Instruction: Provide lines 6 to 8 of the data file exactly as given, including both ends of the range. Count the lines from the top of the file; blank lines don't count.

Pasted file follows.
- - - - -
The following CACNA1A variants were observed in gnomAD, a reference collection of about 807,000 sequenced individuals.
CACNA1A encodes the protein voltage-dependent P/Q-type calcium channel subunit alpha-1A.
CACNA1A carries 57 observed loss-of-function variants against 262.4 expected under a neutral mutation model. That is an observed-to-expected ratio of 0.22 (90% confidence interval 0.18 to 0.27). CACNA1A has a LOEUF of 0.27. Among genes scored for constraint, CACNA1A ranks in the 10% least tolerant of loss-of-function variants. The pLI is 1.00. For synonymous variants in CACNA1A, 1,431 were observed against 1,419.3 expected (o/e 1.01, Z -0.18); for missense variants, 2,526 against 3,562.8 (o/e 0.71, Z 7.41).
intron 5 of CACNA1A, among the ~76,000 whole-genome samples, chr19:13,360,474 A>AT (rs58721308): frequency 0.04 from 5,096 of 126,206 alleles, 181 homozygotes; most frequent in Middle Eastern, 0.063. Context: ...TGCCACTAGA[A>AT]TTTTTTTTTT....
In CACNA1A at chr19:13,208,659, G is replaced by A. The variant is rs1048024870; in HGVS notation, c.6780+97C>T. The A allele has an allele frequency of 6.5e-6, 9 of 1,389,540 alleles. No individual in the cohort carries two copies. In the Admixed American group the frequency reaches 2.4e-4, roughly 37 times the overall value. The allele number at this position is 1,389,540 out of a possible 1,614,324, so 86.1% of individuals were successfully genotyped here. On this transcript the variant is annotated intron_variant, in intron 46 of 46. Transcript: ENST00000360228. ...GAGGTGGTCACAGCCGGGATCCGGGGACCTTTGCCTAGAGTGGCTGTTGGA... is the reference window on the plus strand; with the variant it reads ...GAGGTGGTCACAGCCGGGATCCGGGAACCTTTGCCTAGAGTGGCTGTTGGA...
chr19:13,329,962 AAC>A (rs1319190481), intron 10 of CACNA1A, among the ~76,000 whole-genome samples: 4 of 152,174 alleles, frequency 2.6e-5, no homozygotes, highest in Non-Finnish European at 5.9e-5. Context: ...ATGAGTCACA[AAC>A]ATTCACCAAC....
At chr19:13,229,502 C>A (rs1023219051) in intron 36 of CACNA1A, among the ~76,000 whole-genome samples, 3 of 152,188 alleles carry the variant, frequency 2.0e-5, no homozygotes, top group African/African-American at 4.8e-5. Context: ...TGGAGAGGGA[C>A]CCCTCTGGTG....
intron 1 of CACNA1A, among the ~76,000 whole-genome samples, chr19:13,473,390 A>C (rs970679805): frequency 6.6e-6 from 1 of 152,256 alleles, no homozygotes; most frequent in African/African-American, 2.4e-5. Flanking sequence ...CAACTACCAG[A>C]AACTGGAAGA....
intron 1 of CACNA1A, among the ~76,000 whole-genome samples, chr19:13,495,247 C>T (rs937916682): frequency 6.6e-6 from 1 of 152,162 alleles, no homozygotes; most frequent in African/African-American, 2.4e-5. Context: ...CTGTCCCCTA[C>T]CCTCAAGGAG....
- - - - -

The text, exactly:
chr19:13,329,962 AAC>A (rs1319190481), intron 10 of CACNA1A, among the ~76,000 whole-genome samples: 4 of 152,174 alleles, frequency 2.6e-5, no homozygotes, highest in Non-Finnish European at 5.9e-5. Context: ...ATGAGTCACA[AAC>A]ATTCACCAAC....
At chr19:13,229,502 C>A (rs1023219051) in intron 36 of CACNA1A, among the ~76,000 whole-genome samples, 3 of 152,188 alleles carry the variant, frequency 2.0e-5, no homozygotes, top group African/African-American at 4.8e-5. Context: ...TGGAGAGGGA[C>A]CCCTCTGGTG....
intron 1 of CACNA1A, among the ~76,000 whole-genome samples, chr19:13,473,390 A>C (rs970679805): frequency 6.6e-6 from 1 of 152,256 alleles, no homozygotes; most frequent in African/African-American, 2.4e-5. Flanking sequence ...CAACTACCAG[A>C]AACTGGAAGA....